diets. World food demand will surge both because of this phenomenon and from sheer population
growth. Food production will need to increase by 70% globally and by 100% in developing
countries by 2050.xii Yet, both land and water resources, the basis of our food production, are finite
and already under heavy stress. Future agricultural production will need to have higher and more
sustainable yields if people are to be fed adequately. Given the growing competition for water from
industry, agriculture, power generation and people, new sources of water will have to be identified
especially if ecosystems are to be maintained and restored. In this context it does not seem possible
that irrigated agriculture uses much more water than today. In OECD countries, freshwater use in
irrigation is already decreasing.xiii
It is therefore not only desirable but imperative that water systems for agricultural purposes, irrigation
in particular but also for livestock care, be more efficient, thereby raising the productivity of farmland.
Gaining more yield and value from less water has many benefits: it can reduce the need for ?new?
water; it can limit and even reverse environmental degradation and ultimately contain the competition
for water. Such progresses should not be limited to irrigated agriculture through technological
improvement but should encompass the selection of appropriate crops while not loosing effective
methods of traditional farming.xiv
While the water constraint is still underestimated and undervalued by many food scenarios, the linkage
between water and food is increasingly understood. The global community needs to take action to
grow more food with less water in order to mitigate current and potential difficulties in the future.
Objectives and relevant indicators recognizing the fundamental relationship between agricultural
output and water use could energize stakeholders to take a fresh look.
3. The three Water Objectives
These three water Objectives are offered to the UNCSD2012 to help sharpen the substantive
discussion on water and sanitation. It is possible that countries will negotiate precise targets against
which to quantify progress: in this case, potential targets are hereafter proposed. Making
improvements as suggested below will contribute to sustainable development and poverty alleviation
as well as to a green economy.
Objective 1 ?Access to safe drinking water and sanitation
Ensure universal access to sanitation and safe drinking water through the adoption of plans for
accelerated implementation of all dimensions of the human right to water and sanitation: safety,
availability, accessibility, acceptability, affordability, non-discrimination, participation and
accountability.
Examples of targets:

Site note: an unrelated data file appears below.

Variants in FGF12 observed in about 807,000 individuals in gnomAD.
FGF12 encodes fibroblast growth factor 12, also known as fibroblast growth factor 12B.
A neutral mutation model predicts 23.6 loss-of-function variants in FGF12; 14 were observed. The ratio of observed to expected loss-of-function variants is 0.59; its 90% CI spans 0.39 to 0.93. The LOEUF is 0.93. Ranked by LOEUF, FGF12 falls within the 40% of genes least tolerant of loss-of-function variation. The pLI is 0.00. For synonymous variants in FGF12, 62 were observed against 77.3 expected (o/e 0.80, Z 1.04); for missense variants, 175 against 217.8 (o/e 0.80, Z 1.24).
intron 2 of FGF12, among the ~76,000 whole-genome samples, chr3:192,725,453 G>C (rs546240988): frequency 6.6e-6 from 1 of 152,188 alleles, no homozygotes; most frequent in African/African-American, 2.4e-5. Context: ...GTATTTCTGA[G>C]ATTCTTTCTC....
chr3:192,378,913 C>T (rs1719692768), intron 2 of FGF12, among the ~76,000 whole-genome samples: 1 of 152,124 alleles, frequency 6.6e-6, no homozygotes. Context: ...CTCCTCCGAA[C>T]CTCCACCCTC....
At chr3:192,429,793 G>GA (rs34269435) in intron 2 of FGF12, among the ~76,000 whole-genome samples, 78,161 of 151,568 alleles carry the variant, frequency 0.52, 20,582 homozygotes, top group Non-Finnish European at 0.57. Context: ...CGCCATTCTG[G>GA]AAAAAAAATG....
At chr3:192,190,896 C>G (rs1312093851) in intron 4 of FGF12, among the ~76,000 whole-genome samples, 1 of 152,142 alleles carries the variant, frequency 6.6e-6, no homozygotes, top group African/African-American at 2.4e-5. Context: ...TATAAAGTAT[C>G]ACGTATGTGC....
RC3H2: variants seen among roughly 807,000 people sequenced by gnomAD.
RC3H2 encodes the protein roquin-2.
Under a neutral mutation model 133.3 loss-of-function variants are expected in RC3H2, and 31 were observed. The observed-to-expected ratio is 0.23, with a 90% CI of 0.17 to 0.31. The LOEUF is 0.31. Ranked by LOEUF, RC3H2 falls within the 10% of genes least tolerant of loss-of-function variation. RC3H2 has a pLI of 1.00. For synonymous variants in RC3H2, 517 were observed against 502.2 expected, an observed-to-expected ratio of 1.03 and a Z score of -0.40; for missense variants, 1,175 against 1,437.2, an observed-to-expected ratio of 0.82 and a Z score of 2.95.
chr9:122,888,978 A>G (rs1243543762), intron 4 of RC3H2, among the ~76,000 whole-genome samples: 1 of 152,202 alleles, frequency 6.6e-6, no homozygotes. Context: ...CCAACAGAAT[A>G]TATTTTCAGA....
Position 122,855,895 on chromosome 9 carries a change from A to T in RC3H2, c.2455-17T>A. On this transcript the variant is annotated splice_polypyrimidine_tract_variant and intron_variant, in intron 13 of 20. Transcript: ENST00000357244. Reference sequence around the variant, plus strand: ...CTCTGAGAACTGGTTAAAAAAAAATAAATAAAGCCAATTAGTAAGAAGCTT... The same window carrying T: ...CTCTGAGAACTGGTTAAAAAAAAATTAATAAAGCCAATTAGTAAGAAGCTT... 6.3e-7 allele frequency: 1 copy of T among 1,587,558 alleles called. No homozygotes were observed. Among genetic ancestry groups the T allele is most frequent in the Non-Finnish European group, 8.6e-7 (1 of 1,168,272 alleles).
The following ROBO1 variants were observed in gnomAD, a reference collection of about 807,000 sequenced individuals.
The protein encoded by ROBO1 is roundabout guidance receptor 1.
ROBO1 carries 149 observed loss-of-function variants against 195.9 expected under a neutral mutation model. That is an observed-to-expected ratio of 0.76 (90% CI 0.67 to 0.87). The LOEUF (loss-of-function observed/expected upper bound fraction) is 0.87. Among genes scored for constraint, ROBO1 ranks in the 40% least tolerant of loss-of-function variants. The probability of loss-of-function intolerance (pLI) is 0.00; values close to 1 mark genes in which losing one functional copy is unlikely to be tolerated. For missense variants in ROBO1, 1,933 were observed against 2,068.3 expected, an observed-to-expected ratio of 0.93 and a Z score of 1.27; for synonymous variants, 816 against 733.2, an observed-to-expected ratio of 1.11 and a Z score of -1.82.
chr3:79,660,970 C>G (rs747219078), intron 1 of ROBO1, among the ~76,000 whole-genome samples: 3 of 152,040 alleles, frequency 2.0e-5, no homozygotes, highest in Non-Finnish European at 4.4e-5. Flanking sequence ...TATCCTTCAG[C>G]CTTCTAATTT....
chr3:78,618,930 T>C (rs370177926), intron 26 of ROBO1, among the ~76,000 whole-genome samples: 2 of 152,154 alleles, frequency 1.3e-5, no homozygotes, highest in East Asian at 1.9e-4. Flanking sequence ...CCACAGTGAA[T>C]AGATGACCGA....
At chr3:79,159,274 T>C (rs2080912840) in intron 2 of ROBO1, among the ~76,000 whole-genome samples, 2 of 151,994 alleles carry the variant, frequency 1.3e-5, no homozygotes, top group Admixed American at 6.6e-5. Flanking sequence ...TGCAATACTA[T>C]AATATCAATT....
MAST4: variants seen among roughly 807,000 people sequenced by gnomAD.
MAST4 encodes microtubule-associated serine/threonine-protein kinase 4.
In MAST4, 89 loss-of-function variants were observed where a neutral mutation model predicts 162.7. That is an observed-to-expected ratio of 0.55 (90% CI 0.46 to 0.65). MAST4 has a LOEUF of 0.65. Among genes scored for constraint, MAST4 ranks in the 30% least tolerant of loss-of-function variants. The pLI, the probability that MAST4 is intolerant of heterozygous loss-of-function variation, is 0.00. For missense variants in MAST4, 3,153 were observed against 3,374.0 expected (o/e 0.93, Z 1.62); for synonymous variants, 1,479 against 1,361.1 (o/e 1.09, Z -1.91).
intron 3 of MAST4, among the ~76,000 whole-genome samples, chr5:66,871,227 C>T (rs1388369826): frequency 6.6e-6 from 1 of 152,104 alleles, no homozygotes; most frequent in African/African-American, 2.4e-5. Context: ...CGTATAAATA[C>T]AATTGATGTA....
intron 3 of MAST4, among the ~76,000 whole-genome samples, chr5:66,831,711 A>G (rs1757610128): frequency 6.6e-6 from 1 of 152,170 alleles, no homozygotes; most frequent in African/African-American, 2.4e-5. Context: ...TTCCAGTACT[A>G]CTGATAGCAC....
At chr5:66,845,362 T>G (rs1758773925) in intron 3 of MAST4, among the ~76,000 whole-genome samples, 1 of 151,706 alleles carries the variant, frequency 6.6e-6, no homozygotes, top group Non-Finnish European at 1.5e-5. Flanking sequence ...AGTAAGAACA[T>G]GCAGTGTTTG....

- universal access to basic sanitation and improved water sources by 20xx
- universal access to safe drinking water by 20yy
- development of good quality services in cities at a rate that exceeds the rate of urban growth
5
- drinking water networks to supply water continuously (24/7) in order to ensure safety and
availability of water
Possible actions
Such targets would need to be supported by the establishment of feasible sets of global, regional and
national targets and the adoption of meaningful and measurable indicators to keep track of progress on
the basis of five-year rolling milestones. An integrated monitoring programme of the indicators
linked to the criteria established for the human right to water and sanitation and the factors
determining the enabling environment is to become effective after 2015.
Objective 2 ? Common vision of wastewater management
Governments together decide to strengthen their respective actions on pollution of freshwater by
adopting a shared vision of urban, industrial and agricultural wastewater management including
collection, treatment and water reuse
Examples of targets:
- reduce the percentage of wastewater that is not collected safely from households
- reduce the percentage of wastewater that is discharged into the natural environment without
treatment
- increase the percentage of urban wastewater that is treated for safe reuse in agriculture and
industrial processes
- reduce the amount of water pollution arising from agriculture
- reduce the amount of water pollution released by industry
Possible actions
- Establish or strengthen national policies and regulations for wastewater collection, treatment and
discharge in order to ensure that individual and collective practices and systems are sufficient to
protect health of individuals against potential contamination by others and by economic
activities and to protect natural ecosystems against harmful pollution
- Get organized to monitor and stimulate at national level progress of wastewater collection and
treatment by collective systems and individual facilities
- Get organized to monitor and control potential contamination of drinking water sources by manmade
pollution
- Introduce or strengthen laws and other forms of regulation to support the reduction of pollutants
and make water reuse possible, including the recovery of positive substances
- Request the United Nations Environmental Program (UNEP) or another UN agency to collect
national statistics on wastewater management and report on its global progress
Objective 3 ? More food with the water available
Adoption of an internationally agreed political objective linking food production and water use
through increasing global water productivity of agriculture
Examples of targets:
- Irrigated agriculture to grow more food with the same amount of freshwater and without overabstracting
water tables
- 70% of irrigated land using technology that increases crop per drop by 20xx
- Organizing urban use of water to allow its reuse in agriculture in all water scarce areas